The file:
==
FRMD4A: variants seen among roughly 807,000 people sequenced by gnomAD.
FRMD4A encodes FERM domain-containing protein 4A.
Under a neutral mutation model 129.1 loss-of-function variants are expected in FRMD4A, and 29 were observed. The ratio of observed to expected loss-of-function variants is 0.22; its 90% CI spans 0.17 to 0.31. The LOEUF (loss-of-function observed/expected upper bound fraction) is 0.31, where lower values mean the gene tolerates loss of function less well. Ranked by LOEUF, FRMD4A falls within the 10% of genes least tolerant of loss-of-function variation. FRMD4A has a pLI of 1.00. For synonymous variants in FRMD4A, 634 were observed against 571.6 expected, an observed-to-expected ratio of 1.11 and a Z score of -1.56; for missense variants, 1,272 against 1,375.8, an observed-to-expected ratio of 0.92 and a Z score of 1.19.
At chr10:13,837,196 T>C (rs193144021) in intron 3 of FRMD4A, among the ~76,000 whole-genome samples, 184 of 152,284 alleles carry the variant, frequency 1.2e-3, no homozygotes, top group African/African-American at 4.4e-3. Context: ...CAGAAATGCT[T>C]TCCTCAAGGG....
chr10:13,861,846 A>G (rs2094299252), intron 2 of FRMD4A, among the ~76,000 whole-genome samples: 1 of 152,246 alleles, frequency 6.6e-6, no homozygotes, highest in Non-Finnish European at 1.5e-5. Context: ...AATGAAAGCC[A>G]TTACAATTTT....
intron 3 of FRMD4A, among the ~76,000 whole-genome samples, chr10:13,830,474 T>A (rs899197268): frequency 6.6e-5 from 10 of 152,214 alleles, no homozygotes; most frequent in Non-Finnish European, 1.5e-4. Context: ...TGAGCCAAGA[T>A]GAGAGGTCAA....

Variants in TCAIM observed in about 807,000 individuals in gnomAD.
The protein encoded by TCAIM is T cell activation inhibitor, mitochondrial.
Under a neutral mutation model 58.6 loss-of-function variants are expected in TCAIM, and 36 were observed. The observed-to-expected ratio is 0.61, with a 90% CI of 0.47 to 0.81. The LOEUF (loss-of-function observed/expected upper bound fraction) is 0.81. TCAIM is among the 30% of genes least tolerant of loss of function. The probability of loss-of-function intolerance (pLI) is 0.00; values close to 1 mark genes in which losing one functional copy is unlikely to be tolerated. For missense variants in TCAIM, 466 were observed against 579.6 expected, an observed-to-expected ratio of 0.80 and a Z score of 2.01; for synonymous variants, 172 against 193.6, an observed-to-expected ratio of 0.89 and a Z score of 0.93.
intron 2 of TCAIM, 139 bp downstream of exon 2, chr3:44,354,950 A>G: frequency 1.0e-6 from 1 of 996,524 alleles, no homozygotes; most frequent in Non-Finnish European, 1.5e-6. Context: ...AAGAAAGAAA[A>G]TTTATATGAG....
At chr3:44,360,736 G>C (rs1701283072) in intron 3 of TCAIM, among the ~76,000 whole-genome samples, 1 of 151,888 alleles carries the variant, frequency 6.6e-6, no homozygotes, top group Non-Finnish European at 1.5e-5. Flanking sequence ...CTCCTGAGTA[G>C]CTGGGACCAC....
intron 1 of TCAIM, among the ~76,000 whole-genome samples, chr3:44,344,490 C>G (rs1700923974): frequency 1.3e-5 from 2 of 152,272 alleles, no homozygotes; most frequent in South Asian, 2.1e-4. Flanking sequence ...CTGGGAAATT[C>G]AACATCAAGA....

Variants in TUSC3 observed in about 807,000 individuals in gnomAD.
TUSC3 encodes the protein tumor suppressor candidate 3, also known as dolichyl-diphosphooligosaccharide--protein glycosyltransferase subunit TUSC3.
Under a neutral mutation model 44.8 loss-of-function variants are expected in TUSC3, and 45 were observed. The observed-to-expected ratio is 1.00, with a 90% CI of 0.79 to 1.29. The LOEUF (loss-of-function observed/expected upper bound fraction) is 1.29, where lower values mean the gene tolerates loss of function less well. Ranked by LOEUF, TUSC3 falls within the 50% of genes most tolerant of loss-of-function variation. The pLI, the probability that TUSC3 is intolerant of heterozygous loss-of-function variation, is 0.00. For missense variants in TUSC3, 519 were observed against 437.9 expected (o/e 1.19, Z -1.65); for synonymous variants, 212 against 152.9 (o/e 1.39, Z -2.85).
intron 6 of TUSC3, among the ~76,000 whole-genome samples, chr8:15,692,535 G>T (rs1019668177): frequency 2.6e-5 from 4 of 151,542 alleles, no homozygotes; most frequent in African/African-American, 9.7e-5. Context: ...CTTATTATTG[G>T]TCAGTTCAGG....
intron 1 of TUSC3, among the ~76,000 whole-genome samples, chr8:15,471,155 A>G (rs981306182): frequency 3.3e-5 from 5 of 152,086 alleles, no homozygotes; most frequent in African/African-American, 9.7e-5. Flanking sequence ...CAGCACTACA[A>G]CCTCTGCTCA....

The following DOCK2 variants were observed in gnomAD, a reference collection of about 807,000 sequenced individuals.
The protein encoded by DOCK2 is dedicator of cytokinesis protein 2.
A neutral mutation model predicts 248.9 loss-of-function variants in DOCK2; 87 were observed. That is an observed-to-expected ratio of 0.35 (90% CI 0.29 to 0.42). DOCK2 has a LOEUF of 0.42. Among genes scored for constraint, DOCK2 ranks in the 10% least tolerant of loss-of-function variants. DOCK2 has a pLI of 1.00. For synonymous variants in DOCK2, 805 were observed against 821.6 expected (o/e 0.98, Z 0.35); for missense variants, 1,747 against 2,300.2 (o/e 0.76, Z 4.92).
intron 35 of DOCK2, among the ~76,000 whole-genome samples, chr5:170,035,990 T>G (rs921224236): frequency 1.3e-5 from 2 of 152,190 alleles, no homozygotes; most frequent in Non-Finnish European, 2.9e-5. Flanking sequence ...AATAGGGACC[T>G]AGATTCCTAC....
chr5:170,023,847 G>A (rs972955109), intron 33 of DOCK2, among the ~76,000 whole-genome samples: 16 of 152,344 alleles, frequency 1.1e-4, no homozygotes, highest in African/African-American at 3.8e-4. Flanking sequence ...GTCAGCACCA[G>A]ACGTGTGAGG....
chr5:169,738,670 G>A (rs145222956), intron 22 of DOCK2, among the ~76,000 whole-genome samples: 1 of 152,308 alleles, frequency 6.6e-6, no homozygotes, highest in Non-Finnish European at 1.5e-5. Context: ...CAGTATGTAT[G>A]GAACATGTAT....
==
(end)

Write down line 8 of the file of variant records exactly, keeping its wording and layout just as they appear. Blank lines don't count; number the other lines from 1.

The protein encoded by TCAIM is T cell activation inhibitor, mitochondrial.